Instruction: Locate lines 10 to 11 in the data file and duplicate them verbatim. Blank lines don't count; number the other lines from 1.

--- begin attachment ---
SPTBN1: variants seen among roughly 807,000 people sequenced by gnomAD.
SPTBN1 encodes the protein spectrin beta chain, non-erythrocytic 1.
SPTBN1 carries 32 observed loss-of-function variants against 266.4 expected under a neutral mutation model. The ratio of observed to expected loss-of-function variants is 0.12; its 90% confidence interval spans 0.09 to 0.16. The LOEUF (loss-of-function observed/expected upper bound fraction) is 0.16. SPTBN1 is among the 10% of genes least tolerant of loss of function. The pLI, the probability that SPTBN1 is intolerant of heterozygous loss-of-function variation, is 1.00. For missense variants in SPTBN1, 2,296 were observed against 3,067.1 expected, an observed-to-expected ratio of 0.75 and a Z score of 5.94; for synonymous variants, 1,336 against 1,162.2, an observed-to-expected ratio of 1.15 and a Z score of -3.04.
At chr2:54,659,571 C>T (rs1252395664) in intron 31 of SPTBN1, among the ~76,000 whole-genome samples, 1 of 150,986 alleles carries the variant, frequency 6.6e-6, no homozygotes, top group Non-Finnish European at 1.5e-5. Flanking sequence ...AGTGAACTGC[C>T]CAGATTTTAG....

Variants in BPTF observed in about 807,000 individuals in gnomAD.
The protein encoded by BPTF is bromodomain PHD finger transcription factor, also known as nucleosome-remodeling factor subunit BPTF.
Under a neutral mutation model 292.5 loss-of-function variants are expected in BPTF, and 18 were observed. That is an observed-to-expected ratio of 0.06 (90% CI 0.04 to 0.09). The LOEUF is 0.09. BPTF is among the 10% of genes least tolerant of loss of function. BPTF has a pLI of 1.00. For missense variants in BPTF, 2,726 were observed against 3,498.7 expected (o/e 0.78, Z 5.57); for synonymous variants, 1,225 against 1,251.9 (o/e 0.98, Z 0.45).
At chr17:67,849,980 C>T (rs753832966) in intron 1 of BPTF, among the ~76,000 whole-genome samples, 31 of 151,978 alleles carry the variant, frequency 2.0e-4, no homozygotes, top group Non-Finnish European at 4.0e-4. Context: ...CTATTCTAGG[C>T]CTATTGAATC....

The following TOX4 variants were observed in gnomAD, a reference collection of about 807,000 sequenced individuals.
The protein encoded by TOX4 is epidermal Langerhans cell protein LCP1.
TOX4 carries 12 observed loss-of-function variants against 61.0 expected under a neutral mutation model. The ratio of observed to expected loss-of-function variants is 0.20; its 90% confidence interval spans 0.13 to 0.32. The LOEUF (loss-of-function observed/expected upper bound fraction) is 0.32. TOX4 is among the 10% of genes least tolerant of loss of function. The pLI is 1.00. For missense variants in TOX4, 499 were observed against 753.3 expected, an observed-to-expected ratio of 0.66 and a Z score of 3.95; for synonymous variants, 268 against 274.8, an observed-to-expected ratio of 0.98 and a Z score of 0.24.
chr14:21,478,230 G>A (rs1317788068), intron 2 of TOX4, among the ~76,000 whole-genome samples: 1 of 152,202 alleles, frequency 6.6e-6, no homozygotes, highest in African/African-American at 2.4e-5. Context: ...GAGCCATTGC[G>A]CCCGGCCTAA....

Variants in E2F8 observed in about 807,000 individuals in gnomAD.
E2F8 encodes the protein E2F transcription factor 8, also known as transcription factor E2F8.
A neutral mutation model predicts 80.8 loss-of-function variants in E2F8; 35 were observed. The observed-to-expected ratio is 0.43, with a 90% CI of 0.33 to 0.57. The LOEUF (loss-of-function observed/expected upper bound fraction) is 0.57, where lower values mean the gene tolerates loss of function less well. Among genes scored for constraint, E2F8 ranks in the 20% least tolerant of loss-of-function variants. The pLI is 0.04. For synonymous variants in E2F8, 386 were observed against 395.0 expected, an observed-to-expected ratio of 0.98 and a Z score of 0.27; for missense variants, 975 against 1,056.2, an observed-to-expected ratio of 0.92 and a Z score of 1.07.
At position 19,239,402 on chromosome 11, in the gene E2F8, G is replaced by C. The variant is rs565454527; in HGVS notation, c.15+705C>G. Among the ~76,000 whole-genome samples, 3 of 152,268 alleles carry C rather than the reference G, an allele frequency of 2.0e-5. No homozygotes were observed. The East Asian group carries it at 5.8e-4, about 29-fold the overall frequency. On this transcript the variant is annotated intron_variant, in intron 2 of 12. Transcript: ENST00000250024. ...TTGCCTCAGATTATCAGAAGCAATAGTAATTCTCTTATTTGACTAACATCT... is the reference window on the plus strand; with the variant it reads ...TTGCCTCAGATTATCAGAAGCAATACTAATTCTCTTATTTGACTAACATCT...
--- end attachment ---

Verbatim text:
The protein encoded by TOX4 is epidermal Langerhans cell protein LCP1.
TOX4 carries 12 observed loss-of-function variants against 61.0 expected under a neutral mutation model. The ratio of observed to expected loss-of-function variants is 0.20; its 90% confidence interval spans 0.13 to 0.32. The LOEUF (loss-of-function observed/expected upper bound fraction) is 0.32. TOX4 is among the 10% of genes least tolerant of loss of function. The pLI is 1.00. For missense variants in TOX4, 499 were observed against 753.3 expected, an observed-to-expected ratio of 0.66 and a Z score of 3.95; for synonymous variants, 268 against 274.8, an observed-to-expected ratio of 0.98 and a Z score of 0.24.